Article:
- Written by Claire Haymes
Do you ‘Get it’?
We would hope that the people who deliver the buildings we visit in our leisure have a degree of intelligence. I appreciate they have a huge number of Regulations to consider, but why, in this age of an inclusive society, is there a prevailing inability to recognise that if you accommodate the needs of our growing disabled, elderly population, custom increases?
Latest figures show 11million people in the UK are now disabled. That’s 20% of the population. For many of them doing something special, let alone something basic like going shopping, stopping for a coffee, isn’t possible because of their toilet requirements. They may need the help of a carer. They may need changing. They may be unable to transfer from a wheelchair unaided, and need lifting. ‘Normal’ ‘disabled’ toilets don’t fit the bill. They need extra space and equipment.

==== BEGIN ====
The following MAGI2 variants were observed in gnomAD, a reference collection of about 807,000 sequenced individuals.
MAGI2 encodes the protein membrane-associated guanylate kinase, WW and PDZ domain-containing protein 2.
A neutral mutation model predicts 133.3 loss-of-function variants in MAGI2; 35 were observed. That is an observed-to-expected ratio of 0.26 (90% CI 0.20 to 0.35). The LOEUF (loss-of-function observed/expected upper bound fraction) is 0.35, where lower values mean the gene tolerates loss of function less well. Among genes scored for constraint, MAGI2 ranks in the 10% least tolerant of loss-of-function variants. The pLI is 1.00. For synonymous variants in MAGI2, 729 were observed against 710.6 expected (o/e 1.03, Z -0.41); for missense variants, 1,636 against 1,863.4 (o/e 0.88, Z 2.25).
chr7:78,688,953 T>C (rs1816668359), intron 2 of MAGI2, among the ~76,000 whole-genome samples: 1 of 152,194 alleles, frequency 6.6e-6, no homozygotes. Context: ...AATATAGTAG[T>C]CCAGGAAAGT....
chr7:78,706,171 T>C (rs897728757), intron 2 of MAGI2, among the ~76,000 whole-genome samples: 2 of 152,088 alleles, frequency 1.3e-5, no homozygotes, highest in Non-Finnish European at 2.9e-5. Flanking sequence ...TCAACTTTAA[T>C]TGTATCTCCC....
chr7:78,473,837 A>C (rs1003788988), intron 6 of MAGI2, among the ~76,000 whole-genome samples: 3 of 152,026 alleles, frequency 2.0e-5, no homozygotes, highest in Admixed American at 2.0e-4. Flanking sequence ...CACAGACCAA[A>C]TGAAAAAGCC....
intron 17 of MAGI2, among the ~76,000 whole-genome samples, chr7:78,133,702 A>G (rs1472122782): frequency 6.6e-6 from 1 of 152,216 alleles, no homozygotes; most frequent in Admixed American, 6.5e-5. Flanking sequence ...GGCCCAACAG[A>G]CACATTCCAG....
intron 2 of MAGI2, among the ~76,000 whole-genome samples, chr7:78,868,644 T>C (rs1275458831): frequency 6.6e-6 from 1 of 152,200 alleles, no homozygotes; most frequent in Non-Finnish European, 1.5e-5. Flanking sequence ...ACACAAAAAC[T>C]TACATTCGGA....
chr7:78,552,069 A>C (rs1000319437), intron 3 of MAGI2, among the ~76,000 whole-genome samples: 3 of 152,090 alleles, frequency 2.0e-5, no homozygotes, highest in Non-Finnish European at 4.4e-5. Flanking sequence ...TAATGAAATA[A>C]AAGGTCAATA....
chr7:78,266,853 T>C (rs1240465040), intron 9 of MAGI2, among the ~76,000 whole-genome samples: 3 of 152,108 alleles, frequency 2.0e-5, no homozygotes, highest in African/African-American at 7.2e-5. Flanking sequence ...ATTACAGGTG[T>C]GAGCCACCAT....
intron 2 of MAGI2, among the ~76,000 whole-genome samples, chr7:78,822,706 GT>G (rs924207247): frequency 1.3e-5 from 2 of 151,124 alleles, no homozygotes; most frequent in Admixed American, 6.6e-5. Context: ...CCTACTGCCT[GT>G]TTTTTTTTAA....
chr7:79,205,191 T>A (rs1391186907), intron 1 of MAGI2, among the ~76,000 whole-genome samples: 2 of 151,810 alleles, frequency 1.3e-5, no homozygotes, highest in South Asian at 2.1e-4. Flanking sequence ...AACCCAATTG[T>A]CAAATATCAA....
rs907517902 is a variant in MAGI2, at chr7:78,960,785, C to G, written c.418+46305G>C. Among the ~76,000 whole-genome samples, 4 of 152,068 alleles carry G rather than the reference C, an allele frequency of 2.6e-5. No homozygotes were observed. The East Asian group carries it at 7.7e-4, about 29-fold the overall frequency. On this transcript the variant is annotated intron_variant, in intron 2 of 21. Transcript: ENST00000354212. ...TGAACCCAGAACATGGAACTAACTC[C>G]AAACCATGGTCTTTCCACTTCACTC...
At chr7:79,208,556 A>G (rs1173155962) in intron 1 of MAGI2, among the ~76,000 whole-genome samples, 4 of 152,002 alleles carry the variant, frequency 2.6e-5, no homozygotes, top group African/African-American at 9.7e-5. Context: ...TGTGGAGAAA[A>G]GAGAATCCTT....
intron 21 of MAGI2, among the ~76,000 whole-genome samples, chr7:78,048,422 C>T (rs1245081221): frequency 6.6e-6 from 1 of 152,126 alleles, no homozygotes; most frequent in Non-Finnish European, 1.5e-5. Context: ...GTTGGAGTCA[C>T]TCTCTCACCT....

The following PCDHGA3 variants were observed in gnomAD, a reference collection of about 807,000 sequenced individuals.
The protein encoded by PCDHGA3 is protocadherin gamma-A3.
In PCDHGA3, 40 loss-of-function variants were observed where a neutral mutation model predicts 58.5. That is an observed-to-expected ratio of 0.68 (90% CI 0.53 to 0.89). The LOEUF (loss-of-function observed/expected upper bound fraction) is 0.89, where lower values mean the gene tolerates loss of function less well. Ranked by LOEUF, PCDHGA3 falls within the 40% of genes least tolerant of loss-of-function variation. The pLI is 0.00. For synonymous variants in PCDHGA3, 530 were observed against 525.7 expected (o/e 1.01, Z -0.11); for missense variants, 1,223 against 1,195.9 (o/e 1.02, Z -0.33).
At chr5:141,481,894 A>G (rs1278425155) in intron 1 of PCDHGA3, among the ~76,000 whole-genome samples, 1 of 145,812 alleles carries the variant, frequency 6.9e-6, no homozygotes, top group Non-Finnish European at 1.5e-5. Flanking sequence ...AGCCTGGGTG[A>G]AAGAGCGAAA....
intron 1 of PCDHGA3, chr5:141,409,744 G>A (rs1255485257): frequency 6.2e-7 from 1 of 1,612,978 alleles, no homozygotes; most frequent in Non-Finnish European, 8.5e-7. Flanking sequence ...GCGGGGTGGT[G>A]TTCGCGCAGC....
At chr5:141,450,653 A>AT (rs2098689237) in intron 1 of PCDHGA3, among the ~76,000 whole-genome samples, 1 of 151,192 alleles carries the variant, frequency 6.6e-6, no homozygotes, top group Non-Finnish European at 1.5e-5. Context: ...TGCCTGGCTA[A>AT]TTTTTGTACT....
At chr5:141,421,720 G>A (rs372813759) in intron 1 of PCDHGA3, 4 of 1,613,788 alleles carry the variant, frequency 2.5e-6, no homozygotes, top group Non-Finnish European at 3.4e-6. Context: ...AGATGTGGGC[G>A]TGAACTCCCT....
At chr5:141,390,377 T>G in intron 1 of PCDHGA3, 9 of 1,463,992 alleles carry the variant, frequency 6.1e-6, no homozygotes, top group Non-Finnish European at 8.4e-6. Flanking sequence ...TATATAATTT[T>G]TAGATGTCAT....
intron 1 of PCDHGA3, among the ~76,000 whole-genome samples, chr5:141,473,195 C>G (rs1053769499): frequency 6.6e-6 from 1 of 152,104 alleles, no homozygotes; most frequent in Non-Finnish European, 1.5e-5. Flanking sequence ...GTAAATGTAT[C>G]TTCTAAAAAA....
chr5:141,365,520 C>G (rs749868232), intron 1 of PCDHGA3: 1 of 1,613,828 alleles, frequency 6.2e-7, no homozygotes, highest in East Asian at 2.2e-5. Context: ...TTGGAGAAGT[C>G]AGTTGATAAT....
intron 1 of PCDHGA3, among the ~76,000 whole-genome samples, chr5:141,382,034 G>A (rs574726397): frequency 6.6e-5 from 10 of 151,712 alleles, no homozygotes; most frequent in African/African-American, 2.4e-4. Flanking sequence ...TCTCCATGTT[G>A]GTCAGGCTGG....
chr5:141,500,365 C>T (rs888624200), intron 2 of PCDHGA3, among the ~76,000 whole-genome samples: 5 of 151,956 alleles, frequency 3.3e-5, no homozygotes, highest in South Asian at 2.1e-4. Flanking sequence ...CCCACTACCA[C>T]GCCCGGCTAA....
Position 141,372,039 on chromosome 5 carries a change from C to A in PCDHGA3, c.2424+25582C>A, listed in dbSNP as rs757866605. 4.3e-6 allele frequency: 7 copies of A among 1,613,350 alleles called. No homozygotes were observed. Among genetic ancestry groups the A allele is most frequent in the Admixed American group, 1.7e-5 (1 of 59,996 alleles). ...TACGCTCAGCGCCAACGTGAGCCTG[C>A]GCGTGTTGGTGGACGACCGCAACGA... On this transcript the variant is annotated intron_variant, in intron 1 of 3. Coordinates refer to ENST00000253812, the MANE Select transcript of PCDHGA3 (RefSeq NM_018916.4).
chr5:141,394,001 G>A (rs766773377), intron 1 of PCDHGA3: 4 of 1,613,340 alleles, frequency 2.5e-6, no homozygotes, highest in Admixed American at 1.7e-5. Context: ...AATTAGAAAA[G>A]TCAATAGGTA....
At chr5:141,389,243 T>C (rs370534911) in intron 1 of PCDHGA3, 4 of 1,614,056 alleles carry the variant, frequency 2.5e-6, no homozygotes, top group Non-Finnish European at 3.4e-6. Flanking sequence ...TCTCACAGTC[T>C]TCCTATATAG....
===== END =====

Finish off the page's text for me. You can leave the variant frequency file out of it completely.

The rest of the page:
We understand that there are major commercial decisions involved in the provision of toilet facilities- primarily those of space and cost. But if your business relies on people spending time with you to be profitable, why deliberately exclude a proportion of customers? You’ll provide a baby change without even thinking about it.
Yet look at the numbers: there have been 2.1million births in England & Wales in total in the past three years. That’s a fifth of the number of disabled people.
A ceiling track hoist takes up no more space. A changing bench does require a couple of m2. It doesn’t have to be a whole, additional WC facility; it can just be an addition in the obligatory unisex wheelchair-accessible toilet.
But how many more people will visit, and spend, if you accommodate them? And they are usually accompanied, so it’s at least twice the custom. They will tell their friends. Who will tell their friends.
Yes there is a capital cost. But there is with every other fixture and fitting. Do you analyse its contribution to profit before committing to it?
And does it make you feel good, to be enabling someone to have a good time out, who otherwise might never get to go out for more than an hour in case they need the loo?
Do you ‘get’ why it actually pays to accommodate everyone? Start with the many, and work back to the few…